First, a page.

By Douglas Anele

I strongly believe that when the President, governors and other top public office holders regularly solicit for prayers and attend extracurricular religious programmes, superstitious emotionalism is being substituted for strategic thinking as the best approach to the challenges of leadership.

In other words, the penchant of our leaders to seek divine intervention in critical matters that require calm, rigorous, scientific examination of relevant data and taking decisions in the interest of Nigerians is dangerous. It leads to intellectual confusion and unrealistic expectation that “God will see us through.”

To cite just one example, for all his pretensions of being a born-again Christian, former President Olusegun Obasanjo did not manage our national resources prudently for genuine economic transformation. The modest achievements in fighting corruption are insignificant compared to his shambolic policy implementation strategies and the elephantine amount of money squandered during the same period.

Now, President Goodluck Jonathan is repeating the same mistakes by Chief Obasanjo. He is chasing a mirage, indulging in the same futile appeal to Nigerians for prayers and more prayers, convinced that prayers will help solve our hydra-headed problems. He also hobnobs with well-known Christian clerics and very eager to demonstrate his Christian piety.

But the picture of him kneeling down before Pastor Enoch Adeboye soliciting for divine help is odd; it creates the erroneous impression that the Presidency is subordinate to religion, which is contrary to the secularity of our Constitution. Inspite of such ringing religiosity, his performance thus as President is mediocre.

The showy religiosity of top public officers in the country has not impacted positively in the discharge of their duties. Or else how can one explain frequent reports of financial rascality and obscene ostentatious lifestyles by top officials of government at all levels? Nigerians should wake up from their intellectual and dogmatic slumbers to the reality that religion is a smokescreen used by members of the ruling elite to deceive, and oftentimes divide, them.

But what is the probability that our people would put on their thinking caps and face reality, when they are more catholic than the Pope, more Muslim than the Chief Imam of Saudi Arabia? That Nigerians are the most religious people in the world is beyond dispute, which also indicates that they are averse to critical thinking and healthy scepticism.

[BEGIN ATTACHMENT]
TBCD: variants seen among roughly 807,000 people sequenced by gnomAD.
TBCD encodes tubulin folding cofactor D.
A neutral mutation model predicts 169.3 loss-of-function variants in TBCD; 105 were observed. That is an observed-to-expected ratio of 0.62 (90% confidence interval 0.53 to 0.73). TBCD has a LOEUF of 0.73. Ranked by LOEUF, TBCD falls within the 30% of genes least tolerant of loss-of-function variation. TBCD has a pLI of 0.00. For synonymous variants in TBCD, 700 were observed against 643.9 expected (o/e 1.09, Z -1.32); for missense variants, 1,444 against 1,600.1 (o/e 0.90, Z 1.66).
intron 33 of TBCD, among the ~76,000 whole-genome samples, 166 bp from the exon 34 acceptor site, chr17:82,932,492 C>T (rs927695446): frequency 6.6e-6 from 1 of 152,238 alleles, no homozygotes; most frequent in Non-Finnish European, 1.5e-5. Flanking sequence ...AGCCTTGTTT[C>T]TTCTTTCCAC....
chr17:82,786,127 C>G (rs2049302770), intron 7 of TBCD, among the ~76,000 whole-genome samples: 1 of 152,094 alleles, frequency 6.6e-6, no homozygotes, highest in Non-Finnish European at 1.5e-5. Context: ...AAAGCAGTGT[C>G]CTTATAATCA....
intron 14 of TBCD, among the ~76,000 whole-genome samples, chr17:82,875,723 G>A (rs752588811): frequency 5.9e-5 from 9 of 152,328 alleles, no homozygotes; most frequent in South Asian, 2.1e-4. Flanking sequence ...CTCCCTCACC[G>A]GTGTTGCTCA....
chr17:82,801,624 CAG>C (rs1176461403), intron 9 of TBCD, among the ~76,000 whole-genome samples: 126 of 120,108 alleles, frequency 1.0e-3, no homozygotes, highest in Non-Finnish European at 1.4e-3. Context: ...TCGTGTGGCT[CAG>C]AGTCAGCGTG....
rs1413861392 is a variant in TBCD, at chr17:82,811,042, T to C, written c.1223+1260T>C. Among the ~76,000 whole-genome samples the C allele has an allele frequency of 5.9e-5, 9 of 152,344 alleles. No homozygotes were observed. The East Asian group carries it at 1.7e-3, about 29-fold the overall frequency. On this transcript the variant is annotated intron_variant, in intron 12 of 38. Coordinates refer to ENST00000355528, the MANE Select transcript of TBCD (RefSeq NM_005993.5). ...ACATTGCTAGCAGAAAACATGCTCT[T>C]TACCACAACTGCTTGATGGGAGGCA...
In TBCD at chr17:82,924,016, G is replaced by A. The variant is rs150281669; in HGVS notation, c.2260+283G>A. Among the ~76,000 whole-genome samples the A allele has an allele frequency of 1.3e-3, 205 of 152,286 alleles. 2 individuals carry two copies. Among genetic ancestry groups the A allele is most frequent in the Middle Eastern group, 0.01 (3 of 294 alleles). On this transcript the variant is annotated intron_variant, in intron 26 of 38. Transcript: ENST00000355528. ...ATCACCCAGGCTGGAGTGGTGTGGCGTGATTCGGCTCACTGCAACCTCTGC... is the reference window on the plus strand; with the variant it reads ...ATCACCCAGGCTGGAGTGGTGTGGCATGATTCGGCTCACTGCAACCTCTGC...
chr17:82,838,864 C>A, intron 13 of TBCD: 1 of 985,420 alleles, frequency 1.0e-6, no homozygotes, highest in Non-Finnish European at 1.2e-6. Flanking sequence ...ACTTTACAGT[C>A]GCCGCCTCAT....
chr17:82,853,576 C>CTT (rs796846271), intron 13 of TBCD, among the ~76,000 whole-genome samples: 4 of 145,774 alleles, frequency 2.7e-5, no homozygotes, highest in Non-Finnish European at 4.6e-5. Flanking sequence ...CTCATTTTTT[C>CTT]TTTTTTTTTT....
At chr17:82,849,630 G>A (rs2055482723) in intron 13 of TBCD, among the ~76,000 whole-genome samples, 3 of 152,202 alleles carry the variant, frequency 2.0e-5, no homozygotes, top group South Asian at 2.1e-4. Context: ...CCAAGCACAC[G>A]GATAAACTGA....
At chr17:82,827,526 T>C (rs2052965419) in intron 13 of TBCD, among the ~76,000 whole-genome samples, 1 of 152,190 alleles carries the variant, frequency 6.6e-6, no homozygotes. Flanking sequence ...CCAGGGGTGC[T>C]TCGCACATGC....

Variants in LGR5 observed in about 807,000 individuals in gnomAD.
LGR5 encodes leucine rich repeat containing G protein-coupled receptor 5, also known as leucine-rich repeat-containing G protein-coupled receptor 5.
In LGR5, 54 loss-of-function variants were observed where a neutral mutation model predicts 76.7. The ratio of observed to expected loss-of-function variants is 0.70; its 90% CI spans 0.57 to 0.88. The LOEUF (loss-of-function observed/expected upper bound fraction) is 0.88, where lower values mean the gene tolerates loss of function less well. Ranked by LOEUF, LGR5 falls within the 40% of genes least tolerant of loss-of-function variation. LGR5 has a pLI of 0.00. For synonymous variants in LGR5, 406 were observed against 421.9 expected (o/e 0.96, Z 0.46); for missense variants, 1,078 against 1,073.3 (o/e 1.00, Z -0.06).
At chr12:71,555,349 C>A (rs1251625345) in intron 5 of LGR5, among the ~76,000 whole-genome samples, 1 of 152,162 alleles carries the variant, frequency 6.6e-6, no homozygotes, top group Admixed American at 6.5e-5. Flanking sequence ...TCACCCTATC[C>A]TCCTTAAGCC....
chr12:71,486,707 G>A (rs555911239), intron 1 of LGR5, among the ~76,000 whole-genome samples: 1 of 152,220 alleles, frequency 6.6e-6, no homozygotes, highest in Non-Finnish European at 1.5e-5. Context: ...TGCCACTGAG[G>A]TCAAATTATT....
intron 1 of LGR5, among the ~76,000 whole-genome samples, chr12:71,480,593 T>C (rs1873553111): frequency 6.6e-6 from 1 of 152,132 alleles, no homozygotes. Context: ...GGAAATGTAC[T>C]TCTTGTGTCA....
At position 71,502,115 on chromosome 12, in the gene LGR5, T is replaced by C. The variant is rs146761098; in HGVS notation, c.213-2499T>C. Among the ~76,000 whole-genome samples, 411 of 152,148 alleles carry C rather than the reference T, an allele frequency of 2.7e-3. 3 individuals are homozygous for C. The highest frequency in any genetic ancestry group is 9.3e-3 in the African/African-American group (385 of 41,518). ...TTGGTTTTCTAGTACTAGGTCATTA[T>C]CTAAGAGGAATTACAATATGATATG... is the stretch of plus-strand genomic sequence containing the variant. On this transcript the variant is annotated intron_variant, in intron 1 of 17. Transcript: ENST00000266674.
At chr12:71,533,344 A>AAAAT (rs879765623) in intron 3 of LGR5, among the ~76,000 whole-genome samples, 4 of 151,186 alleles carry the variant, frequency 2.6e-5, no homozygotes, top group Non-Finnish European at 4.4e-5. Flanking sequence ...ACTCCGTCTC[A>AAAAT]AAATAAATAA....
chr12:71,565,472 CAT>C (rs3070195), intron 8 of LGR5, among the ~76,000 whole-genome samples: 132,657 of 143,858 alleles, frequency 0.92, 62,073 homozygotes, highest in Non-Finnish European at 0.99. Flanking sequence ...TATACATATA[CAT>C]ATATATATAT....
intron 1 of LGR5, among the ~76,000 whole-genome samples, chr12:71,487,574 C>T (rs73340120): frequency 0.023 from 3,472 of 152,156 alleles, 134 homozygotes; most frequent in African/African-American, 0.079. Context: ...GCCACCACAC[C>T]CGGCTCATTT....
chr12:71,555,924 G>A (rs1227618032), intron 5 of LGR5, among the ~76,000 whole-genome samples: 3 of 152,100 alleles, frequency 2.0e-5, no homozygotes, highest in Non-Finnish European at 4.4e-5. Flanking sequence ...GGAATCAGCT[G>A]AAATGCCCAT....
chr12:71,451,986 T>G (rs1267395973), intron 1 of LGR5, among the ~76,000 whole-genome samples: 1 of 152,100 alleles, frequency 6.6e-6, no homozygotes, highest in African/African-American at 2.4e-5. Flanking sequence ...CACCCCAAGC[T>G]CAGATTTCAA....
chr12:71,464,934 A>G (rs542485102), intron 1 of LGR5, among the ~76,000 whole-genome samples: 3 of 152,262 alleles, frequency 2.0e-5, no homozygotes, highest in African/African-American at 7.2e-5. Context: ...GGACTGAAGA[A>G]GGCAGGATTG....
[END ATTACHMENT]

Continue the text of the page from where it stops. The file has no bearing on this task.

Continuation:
Ordinary Nigerians eat, drink, sleep and cuddle religion. Habitually, they attribute negative experiences and misfortune to the Devil, whereas when things turn out as desired or surpass expectation, the average Nigerian will exclaim “Thank God.”

The question is, if God or Devil is responsible for whatever happens to humans, what is the level of our responsibility as rational and moral creatures? Again, assuming that a supernatural being answers prayers, to what extent should we supplement that with our own efforts? Supposing that our human efforts, though imperfect and sometimes ineffective, nevertheless enable us to achieve our realistic and reasonable desires, what is the point in praying to God or Allah?

The problem is that most Nigerians, irrespective of educational background and socio-economic status, go into intellectual hibernation because of religion. They naively believe, wrongly, that no one can question God, simply because religion is a matter of faith, not of reason. Nothing can be more anti-intellectualistic than that.

Contemplating the level of religious gullibility and stupidity in Nigeria is a disquieting experience, given the absurdity of beliefs and behaviour allowed on religious basis. Is it not the apogee of silliness to think that “holy water” or “anointing oil” or the gibberish uttered by pastors pretending to be speaking in tongues can cure diseases, that a special white handkerchief from a “man of God” secures for the believer anything he or she desperately desires? What about the unemployed and very low-income earners who “sow seeds” every Sunday in churches whose pastors move around in private jets?